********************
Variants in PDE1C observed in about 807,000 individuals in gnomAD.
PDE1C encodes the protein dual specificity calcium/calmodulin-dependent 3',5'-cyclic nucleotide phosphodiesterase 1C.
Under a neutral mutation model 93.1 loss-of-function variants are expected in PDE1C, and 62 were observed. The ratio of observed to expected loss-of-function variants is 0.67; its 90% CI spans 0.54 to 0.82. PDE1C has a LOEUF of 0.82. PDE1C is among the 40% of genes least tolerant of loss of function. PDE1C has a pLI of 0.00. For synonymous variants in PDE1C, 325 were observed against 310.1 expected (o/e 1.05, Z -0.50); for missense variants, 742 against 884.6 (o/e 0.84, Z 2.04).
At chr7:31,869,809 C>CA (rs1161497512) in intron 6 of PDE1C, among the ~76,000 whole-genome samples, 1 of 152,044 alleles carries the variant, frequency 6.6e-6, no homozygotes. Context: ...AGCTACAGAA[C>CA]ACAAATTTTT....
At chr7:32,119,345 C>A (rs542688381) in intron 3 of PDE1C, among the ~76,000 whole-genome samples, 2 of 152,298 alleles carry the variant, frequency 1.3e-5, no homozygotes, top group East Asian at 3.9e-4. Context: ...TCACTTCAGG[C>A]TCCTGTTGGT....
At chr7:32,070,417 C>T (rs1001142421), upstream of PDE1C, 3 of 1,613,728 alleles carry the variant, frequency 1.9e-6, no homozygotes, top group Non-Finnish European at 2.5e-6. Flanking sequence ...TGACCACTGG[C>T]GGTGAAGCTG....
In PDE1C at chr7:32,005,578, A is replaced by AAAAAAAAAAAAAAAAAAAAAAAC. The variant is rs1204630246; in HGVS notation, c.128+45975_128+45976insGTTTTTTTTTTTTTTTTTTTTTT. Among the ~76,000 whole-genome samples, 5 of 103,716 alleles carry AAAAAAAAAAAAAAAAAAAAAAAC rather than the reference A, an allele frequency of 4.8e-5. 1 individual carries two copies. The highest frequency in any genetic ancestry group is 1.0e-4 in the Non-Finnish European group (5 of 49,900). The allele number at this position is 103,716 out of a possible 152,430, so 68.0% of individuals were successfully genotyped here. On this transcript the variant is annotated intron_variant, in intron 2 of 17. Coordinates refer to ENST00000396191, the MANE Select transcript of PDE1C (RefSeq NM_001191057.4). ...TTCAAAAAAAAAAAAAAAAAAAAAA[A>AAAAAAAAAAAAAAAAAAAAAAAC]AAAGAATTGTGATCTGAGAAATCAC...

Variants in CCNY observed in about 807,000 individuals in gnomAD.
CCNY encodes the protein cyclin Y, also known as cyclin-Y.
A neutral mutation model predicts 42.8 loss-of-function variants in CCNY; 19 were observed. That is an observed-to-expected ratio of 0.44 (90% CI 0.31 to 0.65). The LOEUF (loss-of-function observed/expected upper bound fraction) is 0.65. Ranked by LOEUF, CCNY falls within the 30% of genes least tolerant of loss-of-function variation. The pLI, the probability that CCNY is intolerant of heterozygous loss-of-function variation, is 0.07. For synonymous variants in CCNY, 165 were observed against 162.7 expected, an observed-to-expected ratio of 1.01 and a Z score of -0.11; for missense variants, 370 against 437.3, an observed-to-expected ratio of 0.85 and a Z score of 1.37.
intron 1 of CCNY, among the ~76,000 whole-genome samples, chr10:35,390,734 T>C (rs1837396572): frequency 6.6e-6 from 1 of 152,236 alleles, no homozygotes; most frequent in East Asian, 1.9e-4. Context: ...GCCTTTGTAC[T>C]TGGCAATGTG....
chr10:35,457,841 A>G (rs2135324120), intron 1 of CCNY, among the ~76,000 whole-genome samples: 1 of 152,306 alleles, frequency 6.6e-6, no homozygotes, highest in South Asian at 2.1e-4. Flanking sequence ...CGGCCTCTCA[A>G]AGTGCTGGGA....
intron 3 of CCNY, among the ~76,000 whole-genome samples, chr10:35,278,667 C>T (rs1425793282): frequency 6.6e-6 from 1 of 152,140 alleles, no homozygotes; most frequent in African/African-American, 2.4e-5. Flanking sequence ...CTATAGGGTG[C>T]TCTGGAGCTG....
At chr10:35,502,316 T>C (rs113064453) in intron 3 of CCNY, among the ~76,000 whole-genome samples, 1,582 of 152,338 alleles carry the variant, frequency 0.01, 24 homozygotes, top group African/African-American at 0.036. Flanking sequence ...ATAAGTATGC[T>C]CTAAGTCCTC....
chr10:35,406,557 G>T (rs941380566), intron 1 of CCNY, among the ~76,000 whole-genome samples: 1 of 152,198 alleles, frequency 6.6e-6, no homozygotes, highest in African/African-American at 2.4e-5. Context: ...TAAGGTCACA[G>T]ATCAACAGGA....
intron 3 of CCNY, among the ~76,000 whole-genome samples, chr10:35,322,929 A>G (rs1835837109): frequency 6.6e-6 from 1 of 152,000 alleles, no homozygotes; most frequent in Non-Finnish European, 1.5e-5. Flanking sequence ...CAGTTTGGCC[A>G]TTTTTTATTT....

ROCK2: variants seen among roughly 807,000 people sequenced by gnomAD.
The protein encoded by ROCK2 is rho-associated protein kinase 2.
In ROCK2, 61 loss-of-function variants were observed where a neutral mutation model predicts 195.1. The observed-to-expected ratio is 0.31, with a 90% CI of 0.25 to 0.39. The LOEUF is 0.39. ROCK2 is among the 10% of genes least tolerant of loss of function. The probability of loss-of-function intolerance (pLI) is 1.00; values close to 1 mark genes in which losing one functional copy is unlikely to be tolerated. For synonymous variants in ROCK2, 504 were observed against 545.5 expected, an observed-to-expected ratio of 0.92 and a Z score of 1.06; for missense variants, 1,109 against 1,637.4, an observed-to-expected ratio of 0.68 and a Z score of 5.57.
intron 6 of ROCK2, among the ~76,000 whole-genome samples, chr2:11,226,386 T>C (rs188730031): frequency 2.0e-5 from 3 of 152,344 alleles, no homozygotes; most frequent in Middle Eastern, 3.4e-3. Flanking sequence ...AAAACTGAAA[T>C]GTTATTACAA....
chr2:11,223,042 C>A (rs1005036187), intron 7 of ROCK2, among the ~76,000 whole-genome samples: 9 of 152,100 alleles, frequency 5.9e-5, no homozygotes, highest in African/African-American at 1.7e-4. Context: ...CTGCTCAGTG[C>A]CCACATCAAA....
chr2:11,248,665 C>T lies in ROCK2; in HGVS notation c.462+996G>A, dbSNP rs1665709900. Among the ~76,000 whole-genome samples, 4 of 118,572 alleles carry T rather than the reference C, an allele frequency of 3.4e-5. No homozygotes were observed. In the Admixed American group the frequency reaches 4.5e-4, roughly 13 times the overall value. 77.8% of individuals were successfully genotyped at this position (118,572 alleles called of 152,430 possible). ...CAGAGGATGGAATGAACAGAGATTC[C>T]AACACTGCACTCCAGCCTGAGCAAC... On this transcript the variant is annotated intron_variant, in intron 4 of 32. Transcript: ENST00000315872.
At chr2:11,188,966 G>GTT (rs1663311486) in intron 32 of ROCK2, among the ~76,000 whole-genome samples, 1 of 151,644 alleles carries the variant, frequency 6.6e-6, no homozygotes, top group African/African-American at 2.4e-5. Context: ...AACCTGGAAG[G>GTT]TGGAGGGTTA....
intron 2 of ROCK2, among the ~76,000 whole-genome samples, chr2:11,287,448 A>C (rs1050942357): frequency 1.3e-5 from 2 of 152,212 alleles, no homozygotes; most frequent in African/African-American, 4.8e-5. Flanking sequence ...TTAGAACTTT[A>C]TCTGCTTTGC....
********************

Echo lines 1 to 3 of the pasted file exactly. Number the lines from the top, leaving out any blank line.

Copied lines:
Variants in PDE1C observed in about 807,000 individuals in gnomAD.
PDE1C encodes the protein dual specificity calcium/calmodulin-dependent 3',5'-cyclic nucleotide phosphodiesterase 1C.
Under a neutral mutation model 93.1 loss-of-function variants are expected in PDE1C, and 62 were observed. The ratio of observed to expected loss-of-function variants is 0.67; its 90% CI spans 0.54 to 0.82. PDE1C has a LOEUF of 0.82. PDE1C is among the 40% of genes least tolerant of loss of function. PDE1C has a pLI of 0.00. For synonymous variants in PDE1C, 325 were observed against 310.1 expected (o/e 1.05, Z -0.50); for missense variants, 742 against 884.6 (o/e 0.84, Z 2.04).